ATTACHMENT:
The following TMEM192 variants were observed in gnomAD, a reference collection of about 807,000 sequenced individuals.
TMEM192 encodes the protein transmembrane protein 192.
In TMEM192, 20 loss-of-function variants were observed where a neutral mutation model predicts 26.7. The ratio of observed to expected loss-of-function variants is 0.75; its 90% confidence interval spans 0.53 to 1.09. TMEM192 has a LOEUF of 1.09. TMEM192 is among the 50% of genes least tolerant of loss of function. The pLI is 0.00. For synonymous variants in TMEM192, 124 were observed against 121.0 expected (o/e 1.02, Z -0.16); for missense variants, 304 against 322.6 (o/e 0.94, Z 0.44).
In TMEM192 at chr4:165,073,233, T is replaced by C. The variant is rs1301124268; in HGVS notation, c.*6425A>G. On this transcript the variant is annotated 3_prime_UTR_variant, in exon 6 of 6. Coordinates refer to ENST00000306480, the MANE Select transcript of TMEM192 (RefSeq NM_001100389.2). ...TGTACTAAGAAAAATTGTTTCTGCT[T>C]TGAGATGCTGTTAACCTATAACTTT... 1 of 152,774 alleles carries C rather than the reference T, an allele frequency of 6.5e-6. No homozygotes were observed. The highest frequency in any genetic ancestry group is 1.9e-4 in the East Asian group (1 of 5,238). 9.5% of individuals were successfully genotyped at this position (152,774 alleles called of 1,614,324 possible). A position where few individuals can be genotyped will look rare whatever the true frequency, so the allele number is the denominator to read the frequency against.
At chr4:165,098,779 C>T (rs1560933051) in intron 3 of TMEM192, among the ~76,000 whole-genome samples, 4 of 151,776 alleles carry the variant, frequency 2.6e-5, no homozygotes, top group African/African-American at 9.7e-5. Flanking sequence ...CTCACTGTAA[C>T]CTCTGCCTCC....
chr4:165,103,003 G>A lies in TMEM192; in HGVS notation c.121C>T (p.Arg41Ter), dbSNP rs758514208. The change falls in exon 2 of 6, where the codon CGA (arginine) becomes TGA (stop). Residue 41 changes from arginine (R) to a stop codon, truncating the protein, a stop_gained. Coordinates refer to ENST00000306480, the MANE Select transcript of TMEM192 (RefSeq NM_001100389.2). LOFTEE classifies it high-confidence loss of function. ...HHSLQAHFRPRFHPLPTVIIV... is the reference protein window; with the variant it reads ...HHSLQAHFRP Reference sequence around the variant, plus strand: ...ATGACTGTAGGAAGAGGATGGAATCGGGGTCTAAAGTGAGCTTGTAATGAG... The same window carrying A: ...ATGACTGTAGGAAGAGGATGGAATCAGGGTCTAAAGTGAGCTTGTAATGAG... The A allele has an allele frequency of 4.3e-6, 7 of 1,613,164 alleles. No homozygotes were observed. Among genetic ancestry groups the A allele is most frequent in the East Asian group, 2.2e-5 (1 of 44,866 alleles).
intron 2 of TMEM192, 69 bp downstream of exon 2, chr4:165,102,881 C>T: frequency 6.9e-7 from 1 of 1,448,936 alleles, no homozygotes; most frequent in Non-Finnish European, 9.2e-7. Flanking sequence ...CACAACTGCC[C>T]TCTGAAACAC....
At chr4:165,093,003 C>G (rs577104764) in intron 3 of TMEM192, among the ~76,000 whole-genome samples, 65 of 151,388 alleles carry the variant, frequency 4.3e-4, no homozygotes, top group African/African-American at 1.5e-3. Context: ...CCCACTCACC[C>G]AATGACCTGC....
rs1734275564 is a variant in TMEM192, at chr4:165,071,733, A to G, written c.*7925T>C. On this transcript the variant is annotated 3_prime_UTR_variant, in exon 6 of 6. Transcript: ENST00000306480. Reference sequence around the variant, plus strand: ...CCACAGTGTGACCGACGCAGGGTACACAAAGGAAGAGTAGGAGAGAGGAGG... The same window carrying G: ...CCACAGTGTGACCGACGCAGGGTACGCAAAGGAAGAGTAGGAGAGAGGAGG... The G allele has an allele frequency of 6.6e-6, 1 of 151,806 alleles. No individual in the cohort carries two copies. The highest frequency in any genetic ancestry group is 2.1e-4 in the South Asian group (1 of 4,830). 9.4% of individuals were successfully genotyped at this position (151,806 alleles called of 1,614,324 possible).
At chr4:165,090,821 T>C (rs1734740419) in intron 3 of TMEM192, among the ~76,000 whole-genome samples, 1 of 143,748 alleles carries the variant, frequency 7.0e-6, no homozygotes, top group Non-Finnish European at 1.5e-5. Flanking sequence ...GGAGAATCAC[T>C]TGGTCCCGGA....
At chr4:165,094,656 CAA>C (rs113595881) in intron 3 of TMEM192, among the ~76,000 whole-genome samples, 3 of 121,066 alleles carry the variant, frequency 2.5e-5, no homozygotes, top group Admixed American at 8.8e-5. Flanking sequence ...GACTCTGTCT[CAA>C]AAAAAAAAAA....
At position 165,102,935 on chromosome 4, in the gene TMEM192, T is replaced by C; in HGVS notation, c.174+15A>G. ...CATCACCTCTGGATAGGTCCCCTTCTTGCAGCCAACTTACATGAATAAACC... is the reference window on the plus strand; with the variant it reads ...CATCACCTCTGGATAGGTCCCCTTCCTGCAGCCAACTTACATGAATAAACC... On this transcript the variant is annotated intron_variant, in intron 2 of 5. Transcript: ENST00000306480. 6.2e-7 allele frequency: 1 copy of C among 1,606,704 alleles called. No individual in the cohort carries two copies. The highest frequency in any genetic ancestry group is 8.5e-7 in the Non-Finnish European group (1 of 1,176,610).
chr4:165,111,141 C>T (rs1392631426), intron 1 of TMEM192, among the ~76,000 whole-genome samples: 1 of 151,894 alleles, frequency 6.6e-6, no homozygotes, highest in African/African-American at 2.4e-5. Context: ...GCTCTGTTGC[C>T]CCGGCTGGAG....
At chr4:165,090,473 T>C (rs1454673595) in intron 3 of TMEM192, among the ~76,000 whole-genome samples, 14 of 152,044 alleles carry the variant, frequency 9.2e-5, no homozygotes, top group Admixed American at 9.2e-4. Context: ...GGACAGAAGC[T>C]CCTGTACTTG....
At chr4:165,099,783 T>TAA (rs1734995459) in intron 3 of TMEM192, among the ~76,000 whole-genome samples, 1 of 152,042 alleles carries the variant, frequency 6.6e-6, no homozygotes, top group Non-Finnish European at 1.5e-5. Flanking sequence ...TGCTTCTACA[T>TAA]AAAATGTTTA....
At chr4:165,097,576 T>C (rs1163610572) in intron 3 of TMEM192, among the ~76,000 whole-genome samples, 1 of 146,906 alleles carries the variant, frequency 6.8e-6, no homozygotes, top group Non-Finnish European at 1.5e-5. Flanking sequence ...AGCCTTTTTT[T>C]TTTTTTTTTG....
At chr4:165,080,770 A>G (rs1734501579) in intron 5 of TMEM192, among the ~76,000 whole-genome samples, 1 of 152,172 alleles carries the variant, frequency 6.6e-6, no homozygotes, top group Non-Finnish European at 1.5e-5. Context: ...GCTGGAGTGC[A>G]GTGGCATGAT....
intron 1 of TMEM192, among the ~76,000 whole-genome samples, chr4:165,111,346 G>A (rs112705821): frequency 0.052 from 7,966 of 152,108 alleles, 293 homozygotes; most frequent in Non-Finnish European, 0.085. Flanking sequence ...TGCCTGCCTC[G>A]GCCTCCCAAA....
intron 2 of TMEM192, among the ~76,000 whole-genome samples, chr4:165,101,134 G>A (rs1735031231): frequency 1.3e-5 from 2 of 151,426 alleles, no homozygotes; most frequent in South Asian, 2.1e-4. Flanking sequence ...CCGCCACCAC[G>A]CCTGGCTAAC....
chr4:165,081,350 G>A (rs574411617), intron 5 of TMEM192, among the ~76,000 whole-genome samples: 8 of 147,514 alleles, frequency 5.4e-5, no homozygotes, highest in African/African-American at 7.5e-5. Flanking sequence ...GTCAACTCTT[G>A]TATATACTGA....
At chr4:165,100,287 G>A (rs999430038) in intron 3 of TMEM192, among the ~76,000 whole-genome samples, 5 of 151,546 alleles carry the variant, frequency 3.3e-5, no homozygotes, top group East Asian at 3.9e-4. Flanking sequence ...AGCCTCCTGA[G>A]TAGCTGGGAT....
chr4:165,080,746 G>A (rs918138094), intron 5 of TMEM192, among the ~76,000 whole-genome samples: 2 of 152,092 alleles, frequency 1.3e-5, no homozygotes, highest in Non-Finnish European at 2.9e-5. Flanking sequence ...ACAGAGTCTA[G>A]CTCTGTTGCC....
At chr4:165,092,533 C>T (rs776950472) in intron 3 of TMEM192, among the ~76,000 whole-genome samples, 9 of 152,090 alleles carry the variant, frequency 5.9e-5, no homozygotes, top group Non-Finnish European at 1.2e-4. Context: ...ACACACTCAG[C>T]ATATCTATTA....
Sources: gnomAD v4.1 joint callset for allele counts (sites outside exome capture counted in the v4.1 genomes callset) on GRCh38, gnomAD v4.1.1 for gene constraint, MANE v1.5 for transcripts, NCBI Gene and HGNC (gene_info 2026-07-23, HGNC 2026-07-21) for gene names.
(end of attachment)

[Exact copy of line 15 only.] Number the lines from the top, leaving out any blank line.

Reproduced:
At chr4:165,099,783 T>TAA (rs1734995459) in intron 3 of TMEM192, among the ~76,000 whole-genome samples, 1 of 152,042 alleles carries the variant, frequency 6.6e-6, no homozygotes, top group Non-Finnish European at 1.5e-5. Flanking sequence ...TGCTTCTACA[T>TAA]AAAATGTTTA....